Less than two hundred years ago, my age (late fortyish-something, sort of) would be considered a full life by most standards. Age has become a relative thing, however. And even though Time still moves at the same speed (give or take a few very minor adjustments) we move faster, racing from one time-saving meeting to another time-efficient, health-promoting workout; all the while trying to fend off the recasting of memory, that sure-fire road to the bane of rose-tinted nostalgia. Better that we save it all for the arm-chair years when we can re-wind the tape and tweak the results to our favor.

          Everybody loves old people. We just don't want to be one just yet.

          Shame on us though. How arrogant! How self-deceiving that we should force-tune our minds to a hip-hop score when classic rock or even Muzak is what our advancing cells crave. All we've done is create our own stereotypes, allowed Madison Ave. to be the architect of our desires and quite likely, increased our aging in the process. It's the tortoise and the hare with a Sisyphean sub-plot.

          Yet, not everyone lives with tin foil on their windows. Growing older as an athlete places you in the company of others who know how to walk that high wire of aging-up, how to live in a societal DMZ on a raft between the phalanxes of illusory youth and the rocky shores of unnecessary debilitation; a place that has to be earned, appreciated, and accepted. With a bit of wind, it can be a lovely sail.

          You've met them. They know the constellation of possibilities that come with titles like Grand Master and Kahuna. They don't freak out when a notice from the AARP arrives in the mail. They celebrate birthdays replete with enough candles to set off the smoke alarm. They reserve silicone for caulking the bathtub. They train less but smarter, refusing to consider their commitment to athleticism as one might be obligated to stations of the cross or a serial monogamous relationship with one route, one sport, one way to keep the blood flowing. Old, smart jocks worship Jimmy Buffet and grow older, not up. They are their own tribe of weathered refugees, happy to be in motion because their arterial flow is fueled not by the media or by golden-calf, ill-motivated, five hour bike rides. Only by the knowledge that they could do it and still be at their desks by noon, fresh and ready to design better widgets.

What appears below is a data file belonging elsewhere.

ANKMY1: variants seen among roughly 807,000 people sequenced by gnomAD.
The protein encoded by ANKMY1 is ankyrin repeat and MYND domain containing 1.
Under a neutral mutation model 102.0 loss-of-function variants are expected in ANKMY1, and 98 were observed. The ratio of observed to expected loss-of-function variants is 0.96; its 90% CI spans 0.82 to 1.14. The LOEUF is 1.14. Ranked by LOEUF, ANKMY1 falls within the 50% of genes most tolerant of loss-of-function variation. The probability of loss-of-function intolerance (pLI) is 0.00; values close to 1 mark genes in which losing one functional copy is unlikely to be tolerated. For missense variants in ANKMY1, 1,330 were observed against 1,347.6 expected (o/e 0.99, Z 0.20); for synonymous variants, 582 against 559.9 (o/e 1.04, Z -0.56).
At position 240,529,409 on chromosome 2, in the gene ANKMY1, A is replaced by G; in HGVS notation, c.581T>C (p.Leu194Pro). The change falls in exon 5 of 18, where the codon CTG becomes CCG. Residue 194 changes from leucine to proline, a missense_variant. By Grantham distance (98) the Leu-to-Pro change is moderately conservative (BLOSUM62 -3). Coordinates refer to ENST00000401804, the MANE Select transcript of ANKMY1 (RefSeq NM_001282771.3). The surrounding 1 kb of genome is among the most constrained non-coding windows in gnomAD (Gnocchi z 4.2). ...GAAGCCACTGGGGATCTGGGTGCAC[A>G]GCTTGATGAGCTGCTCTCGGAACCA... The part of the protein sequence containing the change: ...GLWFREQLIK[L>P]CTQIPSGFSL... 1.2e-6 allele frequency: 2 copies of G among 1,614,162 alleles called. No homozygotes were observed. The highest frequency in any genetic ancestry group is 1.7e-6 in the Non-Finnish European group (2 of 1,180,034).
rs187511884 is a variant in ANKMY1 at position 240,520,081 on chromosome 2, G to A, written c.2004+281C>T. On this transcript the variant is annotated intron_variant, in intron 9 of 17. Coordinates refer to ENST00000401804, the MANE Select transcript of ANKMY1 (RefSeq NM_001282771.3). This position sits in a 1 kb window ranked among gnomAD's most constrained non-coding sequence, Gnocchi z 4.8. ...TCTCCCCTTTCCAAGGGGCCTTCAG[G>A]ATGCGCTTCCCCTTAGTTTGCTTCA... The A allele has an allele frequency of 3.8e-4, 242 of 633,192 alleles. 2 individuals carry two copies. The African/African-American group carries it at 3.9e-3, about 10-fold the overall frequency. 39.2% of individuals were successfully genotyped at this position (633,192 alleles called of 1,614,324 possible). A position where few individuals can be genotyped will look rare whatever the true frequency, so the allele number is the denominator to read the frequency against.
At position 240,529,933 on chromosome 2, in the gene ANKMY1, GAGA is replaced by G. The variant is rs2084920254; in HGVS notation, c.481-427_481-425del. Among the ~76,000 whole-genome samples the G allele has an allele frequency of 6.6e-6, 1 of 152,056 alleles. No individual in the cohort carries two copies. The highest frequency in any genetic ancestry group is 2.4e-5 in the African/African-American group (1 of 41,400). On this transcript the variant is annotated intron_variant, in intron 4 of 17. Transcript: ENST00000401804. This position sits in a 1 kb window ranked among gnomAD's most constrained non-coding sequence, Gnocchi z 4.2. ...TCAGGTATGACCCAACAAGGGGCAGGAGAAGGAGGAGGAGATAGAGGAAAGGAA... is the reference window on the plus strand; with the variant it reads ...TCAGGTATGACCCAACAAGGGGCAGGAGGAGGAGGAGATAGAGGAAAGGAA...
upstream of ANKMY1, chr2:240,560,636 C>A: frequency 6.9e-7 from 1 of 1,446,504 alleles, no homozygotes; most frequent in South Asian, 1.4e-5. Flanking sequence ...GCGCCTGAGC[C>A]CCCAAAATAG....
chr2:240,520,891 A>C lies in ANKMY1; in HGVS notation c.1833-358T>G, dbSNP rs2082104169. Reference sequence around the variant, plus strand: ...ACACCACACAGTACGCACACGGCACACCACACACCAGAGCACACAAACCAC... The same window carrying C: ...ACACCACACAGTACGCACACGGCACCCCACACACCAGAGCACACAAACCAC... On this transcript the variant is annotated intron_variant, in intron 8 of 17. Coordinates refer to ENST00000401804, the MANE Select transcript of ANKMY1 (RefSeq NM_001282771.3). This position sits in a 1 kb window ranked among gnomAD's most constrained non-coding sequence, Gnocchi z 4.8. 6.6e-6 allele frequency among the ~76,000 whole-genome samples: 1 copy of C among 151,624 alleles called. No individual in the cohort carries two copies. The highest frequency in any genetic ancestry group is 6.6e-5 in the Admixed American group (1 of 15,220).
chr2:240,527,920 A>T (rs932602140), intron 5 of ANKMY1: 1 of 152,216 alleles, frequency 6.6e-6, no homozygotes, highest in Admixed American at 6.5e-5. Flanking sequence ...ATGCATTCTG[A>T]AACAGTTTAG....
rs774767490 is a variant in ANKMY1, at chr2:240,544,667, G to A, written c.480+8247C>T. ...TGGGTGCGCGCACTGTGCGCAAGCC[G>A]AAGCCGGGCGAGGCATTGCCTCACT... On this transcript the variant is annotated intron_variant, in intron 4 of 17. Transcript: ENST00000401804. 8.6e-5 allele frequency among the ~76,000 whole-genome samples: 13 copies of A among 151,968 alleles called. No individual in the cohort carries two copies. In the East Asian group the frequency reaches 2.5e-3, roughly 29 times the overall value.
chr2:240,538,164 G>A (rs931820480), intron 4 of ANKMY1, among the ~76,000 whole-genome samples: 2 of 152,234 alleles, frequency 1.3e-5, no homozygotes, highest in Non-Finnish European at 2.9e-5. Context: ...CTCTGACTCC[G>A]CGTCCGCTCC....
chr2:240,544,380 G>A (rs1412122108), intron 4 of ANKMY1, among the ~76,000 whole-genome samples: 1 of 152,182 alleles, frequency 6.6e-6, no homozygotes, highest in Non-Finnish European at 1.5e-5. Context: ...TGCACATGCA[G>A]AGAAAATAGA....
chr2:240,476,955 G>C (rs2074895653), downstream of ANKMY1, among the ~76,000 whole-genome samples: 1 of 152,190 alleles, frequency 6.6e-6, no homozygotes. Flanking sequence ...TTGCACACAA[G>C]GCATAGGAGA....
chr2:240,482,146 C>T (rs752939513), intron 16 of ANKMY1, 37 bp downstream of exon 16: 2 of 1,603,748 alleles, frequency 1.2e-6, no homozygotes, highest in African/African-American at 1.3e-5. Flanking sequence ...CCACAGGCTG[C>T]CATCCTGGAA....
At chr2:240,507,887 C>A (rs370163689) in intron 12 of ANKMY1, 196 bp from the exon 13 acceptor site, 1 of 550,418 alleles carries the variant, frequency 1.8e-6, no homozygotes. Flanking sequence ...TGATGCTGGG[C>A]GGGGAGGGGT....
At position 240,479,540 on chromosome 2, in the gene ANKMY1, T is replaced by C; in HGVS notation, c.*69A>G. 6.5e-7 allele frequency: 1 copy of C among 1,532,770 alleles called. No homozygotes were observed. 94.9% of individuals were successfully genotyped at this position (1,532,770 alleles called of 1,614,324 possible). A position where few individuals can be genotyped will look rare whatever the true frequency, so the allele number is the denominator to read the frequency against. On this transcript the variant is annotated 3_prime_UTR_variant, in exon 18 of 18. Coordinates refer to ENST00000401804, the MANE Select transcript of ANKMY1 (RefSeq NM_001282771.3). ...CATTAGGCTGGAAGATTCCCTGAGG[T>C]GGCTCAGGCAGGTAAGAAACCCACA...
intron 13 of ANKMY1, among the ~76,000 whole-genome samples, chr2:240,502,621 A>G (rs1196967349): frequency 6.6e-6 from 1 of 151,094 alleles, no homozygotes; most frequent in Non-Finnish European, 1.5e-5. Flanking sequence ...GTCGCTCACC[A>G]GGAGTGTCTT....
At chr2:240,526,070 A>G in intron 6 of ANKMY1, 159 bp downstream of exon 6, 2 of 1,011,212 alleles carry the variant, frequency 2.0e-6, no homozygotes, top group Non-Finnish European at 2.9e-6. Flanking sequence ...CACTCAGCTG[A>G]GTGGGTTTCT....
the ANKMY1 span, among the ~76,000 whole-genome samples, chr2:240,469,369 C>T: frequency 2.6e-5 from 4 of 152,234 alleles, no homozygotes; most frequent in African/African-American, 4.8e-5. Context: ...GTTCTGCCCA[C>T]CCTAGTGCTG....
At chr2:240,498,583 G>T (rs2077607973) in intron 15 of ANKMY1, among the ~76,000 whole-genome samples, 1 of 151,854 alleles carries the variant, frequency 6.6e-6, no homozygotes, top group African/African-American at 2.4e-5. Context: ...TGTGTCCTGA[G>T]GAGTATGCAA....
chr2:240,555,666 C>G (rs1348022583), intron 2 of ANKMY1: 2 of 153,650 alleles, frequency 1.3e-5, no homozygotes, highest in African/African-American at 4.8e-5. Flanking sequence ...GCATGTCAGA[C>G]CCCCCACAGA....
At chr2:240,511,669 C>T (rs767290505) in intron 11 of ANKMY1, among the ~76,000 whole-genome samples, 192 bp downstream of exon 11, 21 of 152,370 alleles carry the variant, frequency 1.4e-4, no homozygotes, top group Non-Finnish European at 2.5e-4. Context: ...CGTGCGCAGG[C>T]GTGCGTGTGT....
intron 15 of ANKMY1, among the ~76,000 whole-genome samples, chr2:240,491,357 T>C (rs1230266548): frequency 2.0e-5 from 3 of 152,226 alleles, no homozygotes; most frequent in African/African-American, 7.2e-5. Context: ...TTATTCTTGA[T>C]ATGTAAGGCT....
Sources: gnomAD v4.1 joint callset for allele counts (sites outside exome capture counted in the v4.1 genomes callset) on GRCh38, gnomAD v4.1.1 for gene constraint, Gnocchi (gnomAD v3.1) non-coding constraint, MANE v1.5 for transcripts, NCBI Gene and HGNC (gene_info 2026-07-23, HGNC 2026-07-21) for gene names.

It's hard to meld the past with the future, to exist in the moment with one foot in Gen-X and the other in gentrification. But sport is a kind of friction-free lubrication, a bridge that not so much spans time as it elongates the moments between then and now. Through sport we can play hop-scotch on the sidewalk and shun the dystopia of SUV-consciousness. Through sport we can wear those tight jeans because larger ones fall down and anything medium has a vanilla-taste. Through sport we can move laterally, dancing between worlds, generations, leaping as spawning salmon or bottom-lying, ageless catfish. Through sport we can move through time with grace instead of youthful rage or desolate, peri-menopausal cynicism.